Feb 25 (Reuters) – Nearly 85,000 homes and businesses were without power in the Los Angeles area on Saturday as storms continued to pound parts of California, bringing snow to high elevations and rain and hail to lowlands.
Interstate 5, the largest freeway north of the city, was closed at a steep grade known as the Grapevine due to heavy snow, while several southbound sections of the freeway in and around Los Angeles were closed due to flooding, the California Department of Transportation said.
In Northern California, San Francisco is expected to record coldest temperatures on Saturday, and the National Weather Service warned residents of the state capital, Sacramento, to avoid travel Sunday through Wednesday as rain and snow resumed after a break on Saturday.
“Extreme impacts from heavy snow and wind can make driving conditions extremely dangerous and lead to widespread road closures and infrastructure damage!” The company said on Twitter.
See 2 more stories
The next storms expected to hit Sunday will bring gusts of up to 50 mph (80 km/h) in the Sacramento Valley and 70 mph (70 km/h) in the nearby Sierra Nevada Mountains. Yosemite National Park is closed until Wednesday due to severe winter weather.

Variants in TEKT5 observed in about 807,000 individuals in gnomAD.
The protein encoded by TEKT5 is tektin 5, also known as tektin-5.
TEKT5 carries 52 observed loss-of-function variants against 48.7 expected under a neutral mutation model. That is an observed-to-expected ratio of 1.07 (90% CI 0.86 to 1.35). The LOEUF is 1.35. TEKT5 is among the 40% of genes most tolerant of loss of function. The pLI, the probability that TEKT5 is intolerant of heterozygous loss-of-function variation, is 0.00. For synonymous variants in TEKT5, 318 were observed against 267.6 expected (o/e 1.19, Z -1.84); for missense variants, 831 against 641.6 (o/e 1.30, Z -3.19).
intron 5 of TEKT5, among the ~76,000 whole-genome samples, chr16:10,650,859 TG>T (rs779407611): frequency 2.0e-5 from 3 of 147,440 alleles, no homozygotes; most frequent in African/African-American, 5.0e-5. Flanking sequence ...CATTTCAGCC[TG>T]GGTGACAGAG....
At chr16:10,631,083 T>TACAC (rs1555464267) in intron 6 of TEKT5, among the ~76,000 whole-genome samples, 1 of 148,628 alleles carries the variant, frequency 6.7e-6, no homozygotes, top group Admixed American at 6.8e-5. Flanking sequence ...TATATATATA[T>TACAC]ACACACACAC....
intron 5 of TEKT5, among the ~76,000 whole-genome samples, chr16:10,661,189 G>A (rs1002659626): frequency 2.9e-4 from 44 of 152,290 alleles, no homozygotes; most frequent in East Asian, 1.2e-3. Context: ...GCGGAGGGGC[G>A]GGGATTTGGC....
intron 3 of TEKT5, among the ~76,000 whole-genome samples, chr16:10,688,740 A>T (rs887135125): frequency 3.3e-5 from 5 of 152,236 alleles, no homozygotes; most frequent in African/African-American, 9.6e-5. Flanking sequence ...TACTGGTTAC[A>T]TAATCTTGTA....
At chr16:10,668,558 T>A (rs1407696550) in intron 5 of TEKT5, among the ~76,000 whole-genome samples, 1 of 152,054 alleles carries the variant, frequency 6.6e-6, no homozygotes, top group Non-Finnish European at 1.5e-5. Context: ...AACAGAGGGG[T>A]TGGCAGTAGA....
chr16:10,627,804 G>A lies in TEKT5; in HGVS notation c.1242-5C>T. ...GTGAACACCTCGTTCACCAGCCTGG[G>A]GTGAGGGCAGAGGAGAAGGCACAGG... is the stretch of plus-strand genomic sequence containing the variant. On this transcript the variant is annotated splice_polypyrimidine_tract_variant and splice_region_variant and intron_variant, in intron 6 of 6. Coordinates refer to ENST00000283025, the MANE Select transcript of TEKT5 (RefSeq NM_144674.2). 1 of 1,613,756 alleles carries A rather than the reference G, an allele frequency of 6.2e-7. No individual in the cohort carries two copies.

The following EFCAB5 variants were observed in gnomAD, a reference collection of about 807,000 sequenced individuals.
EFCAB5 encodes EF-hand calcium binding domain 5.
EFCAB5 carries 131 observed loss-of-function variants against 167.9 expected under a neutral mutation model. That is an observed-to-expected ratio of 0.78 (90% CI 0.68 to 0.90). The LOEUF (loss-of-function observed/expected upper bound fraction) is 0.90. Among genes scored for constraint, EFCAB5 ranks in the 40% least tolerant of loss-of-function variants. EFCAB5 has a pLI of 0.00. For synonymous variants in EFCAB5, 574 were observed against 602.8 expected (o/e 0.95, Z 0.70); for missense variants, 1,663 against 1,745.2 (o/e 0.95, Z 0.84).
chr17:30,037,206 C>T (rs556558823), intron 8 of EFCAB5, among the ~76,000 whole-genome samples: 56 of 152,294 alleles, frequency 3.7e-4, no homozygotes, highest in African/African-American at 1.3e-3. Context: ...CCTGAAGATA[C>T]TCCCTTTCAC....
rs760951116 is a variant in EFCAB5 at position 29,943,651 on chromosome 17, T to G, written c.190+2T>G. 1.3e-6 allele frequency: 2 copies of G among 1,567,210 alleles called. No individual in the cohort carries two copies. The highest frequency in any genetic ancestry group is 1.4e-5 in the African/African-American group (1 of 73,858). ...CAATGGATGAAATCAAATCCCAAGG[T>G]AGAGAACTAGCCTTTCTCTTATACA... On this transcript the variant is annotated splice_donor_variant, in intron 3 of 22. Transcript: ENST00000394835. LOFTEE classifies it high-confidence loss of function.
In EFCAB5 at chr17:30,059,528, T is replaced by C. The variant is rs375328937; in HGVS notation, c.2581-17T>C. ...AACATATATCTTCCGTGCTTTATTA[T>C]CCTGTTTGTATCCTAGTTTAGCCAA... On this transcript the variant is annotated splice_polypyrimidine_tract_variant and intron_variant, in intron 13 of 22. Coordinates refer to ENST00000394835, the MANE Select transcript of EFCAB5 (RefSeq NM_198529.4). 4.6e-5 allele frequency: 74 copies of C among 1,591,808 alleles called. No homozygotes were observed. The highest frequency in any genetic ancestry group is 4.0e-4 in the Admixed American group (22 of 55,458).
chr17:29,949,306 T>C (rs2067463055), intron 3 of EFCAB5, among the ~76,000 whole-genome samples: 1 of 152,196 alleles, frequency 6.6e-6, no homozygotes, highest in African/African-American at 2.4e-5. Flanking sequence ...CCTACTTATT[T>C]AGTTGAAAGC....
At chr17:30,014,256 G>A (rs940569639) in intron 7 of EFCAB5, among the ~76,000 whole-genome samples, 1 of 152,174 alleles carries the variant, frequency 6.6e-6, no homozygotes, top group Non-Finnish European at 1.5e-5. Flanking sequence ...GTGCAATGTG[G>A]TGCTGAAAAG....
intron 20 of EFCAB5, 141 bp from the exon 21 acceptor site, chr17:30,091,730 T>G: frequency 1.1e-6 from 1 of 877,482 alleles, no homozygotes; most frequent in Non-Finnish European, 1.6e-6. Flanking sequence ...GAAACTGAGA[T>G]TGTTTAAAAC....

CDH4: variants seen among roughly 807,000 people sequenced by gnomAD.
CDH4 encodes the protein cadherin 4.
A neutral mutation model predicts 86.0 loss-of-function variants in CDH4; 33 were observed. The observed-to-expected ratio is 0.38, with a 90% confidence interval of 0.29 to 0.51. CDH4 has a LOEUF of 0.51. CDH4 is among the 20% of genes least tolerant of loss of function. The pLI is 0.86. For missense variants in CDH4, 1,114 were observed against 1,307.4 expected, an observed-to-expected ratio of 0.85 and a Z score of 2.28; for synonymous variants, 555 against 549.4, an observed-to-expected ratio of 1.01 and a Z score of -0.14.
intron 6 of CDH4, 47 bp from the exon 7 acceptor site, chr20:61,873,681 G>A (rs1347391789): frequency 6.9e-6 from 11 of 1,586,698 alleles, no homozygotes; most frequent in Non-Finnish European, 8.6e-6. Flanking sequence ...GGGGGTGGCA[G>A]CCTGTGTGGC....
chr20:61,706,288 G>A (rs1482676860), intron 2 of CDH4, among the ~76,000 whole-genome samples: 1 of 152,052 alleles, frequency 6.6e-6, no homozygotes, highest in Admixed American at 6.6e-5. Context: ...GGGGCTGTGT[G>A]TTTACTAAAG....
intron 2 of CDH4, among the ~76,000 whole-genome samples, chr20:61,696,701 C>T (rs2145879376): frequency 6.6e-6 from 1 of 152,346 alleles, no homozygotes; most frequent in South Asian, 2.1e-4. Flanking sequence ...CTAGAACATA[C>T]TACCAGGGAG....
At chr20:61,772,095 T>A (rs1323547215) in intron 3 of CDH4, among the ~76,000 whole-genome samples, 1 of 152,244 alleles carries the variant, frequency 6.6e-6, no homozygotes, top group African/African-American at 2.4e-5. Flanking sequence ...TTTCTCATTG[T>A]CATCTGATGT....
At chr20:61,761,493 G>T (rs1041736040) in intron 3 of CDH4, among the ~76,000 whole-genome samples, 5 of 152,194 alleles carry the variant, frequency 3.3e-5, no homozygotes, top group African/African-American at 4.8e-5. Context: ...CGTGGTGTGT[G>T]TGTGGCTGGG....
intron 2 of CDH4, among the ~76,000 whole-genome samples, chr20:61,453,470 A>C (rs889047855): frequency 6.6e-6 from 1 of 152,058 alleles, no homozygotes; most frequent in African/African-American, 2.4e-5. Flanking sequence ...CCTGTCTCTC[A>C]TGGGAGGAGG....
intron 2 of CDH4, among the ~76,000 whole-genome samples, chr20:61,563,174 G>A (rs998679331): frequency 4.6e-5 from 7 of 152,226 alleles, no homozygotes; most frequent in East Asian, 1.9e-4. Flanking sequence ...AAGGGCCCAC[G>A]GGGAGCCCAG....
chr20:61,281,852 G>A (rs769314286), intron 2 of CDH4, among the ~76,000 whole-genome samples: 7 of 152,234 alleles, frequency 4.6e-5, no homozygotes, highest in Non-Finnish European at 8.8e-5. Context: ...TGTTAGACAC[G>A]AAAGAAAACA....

Brian Jackson, a forecaster at the NWS Weather Prediction Center in College Park, Maryland, attributed the unusual conditions to a massive low-pressure system driving in from the Arctic.
In Southern California, “this is a rare occurrence of a cold, significant storm event,” Jackson said.
In a sight that must have delighted many Angelenos on Friday, snowflakes fell around the Hollywood sign on Mount Lee in the hills above the city, known for its sunny days and palm trees.
On Saturday, rain, hail and a mix of snow and moisture known as “graupel” and isolated thunderstorms are expected, the National Weather Service said.
A separate storm that hit the U.S. Plains, Midwest and Great Lakes earlier this week crossed New England and made landfall on Friday into the Atlantic Ocean, the weather service said. More than 400,000 customers of Detroit-based DTE Energy ( DTE.N ) were without power Saturday, the Detroit News reported.
Before the latest storm, much of California had experienced an unusually wet, cold winter, with deadly “atmospheric river” storms unleashing widespread flooding, felling trees and causing mudslides.
Reporting by Sharon Bernstein in Sacramento, California; Editing by Sandra Maler
Our Standards: Thomson Reuters Trust Principles.